Jacob Miller – Retail Operations Manager for Hobart City Mission in Tasmania, Australia – reflects on the charity retail industry: where we have been, where we are going, what works and what needs to be remembered for future success.


When I started in the industry over 15 years ago my job interview consisted of “Here is the key…can you open on Saturday?” The store was interesting with a plethora of preloved threads and objects, but the vibe was yet to be revolutionised.

The charity retail industry in the past two decades has gone from our customers shyly accepting compliments on their preloved outfits to “Oh, I know it’s fabulous – I got it at the Op shop*”. People from all walks of life run to the doorsteps of op shops, and sales have skyrocketed. Yet the revolution has been bigger than simply an increase in demand. Op shops have emerged from small, church-associated “dumping grounds” to High Street grooves filled with young people discovering treasures. As an industry we have gone from back streets to High streets, and we compete with mainstream retail.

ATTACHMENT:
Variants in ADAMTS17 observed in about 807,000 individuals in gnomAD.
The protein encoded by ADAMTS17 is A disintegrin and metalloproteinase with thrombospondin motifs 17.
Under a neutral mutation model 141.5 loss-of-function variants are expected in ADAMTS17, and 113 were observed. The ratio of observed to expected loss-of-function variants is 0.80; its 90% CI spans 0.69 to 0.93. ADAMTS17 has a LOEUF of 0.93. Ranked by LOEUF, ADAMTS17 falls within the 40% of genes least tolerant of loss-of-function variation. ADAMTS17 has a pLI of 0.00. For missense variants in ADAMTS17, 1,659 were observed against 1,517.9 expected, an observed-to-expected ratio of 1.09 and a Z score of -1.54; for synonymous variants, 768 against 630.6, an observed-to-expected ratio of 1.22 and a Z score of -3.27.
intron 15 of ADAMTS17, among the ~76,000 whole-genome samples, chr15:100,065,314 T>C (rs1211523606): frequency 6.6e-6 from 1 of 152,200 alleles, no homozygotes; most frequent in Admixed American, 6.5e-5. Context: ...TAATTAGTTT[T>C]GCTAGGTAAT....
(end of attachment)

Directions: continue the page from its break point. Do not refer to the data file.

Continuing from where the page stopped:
But what makes us different from them? What is it that makes us viable, attractive, and relevant to customers? It can no longer be the fascinating tableau of products, or the concept of recycled textiles. This is now being challenged from every angle, with online platforms offering curated and interesting goods and major fast fashion houses bringing to the fore a focus on recycling.

For me there are three things:

  • Our connection to mission – being organisations that are both mission aligned and mission driven;
  • Our desire to connect to community and be hubs of local engagement; and
  • Our constant yearning to be creative, innovative, and unique.

With all our revolution, the advent of the commercially focused charity shop, the increased demand and public acceptance of second hand, and then Generation Alpha desire to make less capitalist and more holistic shopping choices – it is the above three dot points that keep us relevant, in-market and the future leaders and stylists of the world.

 

*Op Shop – Opportunity Shop – the Australian term for charity shop. Dubbed opportunity for many reasons: the opportunity to find a bargain and the opportunity to give back to community.

 

Jacob Miller “is just addicted to Op Shops” and is the Retail Operations Manager for Hobart City Mission in Tasmania, Australia.

 

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The Charity Retail Consultancy helps charity retailers and other non-profits (including museums and galleries) develop their retail operation, improve their product offer and people, and improve their profitability.

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